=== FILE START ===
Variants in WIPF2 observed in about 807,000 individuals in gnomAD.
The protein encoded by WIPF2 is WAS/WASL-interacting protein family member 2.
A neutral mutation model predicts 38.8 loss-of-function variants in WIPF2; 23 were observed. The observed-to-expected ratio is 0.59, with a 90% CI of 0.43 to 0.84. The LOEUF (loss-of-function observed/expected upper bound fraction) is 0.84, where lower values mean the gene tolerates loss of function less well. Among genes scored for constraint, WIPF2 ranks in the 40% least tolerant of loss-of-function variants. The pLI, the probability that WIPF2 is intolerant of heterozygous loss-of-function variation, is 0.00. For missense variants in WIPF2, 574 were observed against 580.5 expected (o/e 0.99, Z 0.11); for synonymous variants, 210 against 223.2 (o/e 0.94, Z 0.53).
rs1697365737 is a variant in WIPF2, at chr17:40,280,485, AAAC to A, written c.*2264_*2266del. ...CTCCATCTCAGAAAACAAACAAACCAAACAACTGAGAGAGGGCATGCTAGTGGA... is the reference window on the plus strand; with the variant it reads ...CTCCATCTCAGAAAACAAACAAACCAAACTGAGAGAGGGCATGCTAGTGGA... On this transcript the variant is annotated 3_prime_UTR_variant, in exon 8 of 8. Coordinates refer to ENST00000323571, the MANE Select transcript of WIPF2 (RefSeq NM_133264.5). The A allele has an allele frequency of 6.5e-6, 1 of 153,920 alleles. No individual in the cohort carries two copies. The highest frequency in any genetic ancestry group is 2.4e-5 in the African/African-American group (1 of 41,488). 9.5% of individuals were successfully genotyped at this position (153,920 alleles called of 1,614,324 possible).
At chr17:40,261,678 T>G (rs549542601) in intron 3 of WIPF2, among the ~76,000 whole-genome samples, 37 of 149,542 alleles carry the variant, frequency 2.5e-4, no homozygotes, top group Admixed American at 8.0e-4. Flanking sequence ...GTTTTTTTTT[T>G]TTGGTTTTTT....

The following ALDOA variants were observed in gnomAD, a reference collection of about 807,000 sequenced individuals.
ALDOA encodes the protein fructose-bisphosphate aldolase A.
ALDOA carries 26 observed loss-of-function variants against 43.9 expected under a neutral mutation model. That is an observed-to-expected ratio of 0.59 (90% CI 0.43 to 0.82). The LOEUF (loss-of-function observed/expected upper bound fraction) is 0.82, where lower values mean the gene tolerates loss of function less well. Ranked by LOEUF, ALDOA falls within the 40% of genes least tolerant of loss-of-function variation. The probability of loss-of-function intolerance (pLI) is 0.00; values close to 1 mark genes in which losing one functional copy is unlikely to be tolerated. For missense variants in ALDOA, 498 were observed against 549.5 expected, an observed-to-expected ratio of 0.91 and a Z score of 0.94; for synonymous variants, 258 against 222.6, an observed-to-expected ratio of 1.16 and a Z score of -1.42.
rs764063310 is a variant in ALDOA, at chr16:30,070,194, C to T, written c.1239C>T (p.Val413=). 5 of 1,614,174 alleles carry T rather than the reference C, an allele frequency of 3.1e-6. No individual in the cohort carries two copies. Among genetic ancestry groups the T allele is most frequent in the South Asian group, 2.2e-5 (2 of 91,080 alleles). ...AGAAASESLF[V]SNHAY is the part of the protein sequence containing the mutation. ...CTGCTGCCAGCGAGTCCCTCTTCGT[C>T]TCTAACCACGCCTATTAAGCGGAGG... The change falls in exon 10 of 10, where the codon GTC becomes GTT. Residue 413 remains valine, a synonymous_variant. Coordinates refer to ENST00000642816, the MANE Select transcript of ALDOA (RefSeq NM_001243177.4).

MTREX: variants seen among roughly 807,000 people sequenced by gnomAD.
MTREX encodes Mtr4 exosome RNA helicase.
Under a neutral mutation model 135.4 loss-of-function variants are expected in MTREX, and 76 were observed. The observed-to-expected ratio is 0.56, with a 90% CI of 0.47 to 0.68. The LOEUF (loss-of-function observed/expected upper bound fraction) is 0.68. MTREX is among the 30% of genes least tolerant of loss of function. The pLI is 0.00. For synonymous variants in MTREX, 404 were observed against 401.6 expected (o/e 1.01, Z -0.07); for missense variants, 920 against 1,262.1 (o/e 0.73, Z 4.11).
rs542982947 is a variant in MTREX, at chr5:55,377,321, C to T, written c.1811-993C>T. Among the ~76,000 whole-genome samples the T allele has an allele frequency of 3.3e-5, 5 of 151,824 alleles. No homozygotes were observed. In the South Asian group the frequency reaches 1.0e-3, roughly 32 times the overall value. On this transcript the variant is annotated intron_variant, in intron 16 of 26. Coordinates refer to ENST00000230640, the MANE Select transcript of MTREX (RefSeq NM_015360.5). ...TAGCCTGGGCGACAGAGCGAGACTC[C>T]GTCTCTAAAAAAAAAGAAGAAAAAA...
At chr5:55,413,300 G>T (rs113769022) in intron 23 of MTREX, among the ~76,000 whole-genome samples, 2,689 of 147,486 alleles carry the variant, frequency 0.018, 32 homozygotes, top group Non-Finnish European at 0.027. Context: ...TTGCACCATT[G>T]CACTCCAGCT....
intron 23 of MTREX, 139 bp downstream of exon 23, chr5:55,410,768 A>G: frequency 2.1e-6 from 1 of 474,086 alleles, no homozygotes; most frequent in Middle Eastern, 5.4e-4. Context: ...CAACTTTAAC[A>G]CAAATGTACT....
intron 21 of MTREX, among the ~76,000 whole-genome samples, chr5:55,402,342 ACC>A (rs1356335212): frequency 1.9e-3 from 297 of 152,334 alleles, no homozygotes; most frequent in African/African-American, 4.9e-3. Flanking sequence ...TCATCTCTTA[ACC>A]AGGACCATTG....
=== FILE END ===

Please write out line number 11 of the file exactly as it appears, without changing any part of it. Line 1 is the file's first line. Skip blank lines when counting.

MTREX encodes Mtr4 exosome RNA helicase.